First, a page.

Historic Harry's bar in Venice frequented by Charlie Chaplin, Orson Welles close to being tapped out
Italy's economic crisis has left the iconic Harry's Bar in Venice close to being tapped out, which was a popular stop on the celebrity circuit, counting Truman Capote, Charlie Chaplin and Orson Welles, Arturo Toscanini among its regulars, who had a favorite table there.
Founded in 1931, the bar soon became a favorite of European aristocrats as well as prominent artists and writers
In 1948, Giuseppe Cipriani invented the Bellini, which later became one of Italy's most popular cocktails.
Harry's Bar boomed as foreigners flocked to Venice, lured by its stylish furnishings and classic Italian cuisine.
It was particularly popular among Americans, who made it a must-see for a Venetian vacation, the Wall Street Journal reports.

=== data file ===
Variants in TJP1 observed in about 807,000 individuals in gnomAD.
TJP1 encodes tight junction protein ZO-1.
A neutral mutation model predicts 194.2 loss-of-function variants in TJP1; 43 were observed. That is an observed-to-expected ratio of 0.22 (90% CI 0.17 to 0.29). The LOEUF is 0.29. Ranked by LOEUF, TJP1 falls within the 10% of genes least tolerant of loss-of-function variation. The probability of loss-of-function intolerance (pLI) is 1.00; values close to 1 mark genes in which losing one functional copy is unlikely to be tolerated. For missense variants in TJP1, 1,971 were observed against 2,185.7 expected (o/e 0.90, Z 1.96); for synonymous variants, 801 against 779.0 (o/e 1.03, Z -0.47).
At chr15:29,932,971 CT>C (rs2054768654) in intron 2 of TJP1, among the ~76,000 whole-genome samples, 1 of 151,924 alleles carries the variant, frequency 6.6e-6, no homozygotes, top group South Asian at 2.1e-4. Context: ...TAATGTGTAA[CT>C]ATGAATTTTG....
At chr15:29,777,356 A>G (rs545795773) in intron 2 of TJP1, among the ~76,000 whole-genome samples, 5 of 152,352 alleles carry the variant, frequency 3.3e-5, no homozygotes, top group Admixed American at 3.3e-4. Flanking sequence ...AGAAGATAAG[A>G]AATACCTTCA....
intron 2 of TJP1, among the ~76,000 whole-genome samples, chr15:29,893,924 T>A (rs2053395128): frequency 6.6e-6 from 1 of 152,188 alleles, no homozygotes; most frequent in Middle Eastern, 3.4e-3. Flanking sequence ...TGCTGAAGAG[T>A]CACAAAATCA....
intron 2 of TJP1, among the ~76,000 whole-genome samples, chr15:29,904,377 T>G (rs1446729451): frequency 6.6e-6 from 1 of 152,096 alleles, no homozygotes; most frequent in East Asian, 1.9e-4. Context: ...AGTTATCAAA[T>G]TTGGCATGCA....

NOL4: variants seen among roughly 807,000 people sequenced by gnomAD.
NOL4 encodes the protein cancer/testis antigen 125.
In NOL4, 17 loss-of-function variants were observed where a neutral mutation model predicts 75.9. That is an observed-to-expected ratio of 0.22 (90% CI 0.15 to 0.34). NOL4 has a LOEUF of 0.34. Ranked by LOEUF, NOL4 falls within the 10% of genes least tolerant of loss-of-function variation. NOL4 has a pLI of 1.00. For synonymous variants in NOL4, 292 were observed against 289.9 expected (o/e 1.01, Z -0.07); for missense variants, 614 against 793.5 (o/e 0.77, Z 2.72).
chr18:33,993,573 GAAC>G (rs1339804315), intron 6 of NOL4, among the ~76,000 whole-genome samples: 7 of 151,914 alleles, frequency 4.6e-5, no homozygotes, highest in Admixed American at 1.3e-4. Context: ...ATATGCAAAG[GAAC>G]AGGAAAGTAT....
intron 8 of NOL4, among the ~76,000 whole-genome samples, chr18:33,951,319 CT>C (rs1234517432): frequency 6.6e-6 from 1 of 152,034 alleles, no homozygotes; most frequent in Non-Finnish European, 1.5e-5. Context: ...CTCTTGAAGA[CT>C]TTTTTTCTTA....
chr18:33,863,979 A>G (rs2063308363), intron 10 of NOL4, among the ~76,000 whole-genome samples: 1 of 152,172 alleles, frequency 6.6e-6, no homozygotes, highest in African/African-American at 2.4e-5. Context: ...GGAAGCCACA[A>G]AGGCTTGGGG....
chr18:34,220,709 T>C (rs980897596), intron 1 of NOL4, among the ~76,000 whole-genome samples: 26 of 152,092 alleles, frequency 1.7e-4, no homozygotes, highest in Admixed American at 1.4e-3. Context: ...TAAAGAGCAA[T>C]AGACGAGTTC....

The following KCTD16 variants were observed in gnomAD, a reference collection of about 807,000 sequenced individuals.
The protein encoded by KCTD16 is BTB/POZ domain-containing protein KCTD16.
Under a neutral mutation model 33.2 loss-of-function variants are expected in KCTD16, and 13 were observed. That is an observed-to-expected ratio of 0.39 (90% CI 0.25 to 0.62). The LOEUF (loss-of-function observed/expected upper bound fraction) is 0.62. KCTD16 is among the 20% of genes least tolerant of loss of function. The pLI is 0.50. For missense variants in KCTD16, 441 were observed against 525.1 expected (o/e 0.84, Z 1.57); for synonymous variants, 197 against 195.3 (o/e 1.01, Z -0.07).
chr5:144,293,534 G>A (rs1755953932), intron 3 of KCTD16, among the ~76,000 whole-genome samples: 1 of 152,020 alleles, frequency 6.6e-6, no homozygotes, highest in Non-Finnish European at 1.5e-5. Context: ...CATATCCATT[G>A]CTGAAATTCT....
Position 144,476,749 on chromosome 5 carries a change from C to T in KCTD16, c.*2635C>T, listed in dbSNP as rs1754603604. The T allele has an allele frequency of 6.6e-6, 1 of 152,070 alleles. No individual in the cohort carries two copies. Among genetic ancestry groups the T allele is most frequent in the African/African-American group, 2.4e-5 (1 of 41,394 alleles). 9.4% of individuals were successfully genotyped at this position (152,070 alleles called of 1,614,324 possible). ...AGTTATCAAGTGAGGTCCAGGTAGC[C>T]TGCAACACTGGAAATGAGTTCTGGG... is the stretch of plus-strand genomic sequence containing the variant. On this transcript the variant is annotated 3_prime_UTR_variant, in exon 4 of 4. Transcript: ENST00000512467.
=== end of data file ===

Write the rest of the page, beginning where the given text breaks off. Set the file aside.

The restaurant's prominence among American tourists only grew when the Ciprianis opened restaurants in New York and Los Angeles.
The bar is drowning in debt, struggling with a decline in American patrons and battling to cut labor costs.
According to the report, Harry's Bar inventor of the Prosecco-and-peach puree cocktail known as the Bellini has turned to a distressed-debt fund to revive its business.
"The banks told us that we've hit a limit," Arrigo Cipriani, the bar's 80-year-old owner and son of the founder, said in an interview.